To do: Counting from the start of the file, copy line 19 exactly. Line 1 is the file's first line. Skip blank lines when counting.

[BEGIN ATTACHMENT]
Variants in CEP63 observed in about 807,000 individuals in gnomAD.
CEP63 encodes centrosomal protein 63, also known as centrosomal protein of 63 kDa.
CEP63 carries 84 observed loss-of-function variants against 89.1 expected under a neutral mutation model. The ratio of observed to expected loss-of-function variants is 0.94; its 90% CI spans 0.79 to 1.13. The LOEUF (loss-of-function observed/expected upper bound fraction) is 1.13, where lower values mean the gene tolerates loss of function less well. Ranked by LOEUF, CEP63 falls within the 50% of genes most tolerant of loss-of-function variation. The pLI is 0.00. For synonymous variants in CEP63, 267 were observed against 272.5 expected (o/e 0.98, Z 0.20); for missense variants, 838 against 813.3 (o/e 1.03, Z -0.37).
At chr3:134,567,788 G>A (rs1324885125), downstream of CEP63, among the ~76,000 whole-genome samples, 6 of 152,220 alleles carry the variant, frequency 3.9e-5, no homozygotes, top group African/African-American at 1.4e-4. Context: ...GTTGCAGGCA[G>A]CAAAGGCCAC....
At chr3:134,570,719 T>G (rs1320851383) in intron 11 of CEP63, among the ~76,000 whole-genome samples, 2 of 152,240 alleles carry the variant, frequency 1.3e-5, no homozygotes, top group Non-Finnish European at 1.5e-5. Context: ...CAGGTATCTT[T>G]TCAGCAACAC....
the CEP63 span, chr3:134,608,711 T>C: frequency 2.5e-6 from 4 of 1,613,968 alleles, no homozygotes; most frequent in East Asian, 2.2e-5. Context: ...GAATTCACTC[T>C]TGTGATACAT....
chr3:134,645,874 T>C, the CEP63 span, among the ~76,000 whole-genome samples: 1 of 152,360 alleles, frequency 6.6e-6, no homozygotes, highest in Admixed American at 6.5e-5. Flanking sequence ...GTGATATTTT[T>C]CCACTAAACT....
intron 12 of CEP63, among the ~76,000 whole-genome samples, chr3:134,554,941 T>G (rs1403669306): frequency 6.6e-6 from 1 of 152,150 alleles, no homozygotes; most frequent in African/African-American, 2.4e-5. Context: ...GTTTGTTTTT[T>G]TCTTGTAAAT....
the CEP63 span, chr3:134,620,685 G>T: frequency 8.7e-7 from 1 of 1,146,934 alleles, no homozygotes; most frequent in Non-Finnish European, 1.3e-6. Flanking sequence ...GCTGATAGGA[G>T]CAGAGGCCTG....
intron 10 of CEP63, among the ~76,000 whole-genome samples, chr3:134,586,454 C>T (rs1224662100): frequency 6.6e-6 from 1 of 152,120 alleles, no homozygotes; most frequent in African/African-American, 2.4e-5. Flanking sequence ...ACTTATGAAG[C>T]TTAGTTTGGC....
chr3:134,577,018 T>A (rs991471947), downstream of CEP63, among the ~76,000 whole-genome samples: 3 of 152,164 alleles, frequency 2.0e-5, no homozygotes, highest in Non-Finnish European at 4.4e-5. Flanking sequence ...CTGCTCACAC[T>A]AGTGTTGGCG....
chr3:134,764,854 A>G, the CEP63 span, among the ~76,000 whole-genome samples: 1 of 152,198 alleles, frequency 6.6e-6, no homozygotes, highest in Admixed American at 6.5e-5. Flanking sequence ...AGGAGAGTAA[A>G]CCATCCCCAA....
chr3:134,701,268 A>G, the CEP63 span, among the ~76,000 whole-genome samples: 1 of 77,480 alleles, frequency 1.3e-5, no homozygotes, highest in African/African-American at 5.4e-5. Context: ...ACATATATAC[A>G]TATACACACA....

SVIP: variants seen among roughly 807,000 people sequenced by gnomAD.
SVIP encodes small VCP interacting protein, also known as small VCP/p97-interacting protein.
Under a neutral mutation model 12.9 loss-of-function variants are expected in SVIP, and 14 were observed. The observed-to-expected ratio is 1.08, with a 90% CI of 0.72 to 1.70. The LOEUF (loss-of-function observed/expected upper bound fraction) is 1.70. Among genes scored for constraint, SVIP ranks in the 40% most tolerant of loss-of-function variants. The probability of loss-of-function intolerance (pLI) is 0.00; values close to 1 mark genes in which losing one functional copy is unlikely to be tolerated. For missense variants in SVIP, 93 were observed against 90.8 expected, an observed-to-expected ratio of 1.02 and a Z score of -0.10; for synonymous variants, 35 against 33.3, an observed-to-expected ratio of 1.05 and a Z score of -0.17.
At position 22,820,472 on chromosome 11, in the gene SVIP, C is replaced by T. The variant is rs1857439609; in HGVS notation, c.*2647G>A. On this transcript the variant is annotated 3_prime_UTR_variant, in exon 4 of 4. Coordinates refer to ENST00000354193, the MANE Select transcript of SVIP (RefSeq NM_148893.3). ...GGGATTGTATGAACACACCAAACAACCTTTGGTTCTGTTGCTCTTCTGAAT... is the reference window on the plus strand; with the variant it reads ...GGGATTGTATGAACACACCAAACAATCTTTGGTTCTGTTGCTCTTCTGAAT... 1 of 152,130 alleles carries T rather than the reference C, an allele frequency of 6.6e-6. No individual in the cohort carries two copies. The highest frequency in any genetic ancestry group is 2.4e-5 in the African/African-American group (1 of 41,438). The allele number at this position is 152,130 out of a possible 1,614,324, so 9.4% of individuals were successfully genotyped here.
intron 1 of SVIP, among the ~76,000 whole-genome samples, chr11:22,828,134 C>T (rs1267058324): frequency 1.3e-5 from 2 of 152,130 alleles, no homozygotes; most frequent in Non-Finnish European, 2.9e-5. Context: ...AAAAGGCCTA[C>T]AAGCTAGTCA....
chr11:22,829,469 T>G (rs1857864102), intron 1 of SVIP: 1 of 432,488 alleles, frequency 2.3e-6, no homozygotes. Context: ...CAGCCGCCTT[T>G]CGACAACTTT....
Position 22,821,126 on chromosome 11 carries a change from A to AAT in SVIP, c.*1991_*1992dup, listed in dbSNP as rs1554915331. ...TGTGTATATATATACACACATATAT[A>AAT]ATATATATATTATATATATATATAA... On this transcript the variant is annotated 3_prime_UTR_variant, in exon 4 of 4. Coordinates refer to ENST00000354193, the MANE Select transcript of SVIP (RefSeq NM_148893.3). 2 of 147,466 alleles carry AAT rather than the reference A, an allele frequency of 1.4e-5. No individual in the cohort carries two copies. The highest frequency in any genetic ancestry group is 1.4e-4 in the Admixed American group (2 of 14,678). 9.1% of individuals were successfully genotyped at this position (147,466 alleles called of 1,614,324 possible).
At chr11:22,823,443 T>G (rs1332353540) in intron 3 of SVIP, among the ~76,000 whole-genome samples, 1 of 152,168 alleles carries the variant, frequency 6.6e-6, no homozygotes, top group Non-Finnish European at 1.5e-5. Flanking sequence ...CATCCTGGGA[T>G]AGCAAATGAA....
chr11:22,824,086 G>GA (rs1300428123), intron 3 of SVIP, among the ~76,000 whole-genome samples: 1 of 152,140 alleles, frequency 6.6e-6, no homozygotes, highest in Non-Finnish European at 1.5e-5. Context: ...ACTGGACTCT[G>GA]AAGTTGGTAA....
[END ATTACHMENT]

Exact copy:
chr11:22,829,469 T>G (rs1857864102), intron 1 of SVIP: 1 of 432,488 alleles, frequency 2.3e-6, no homozygotes. Context: ...CAGCCGCCTT[T>G]CGACAACTTT....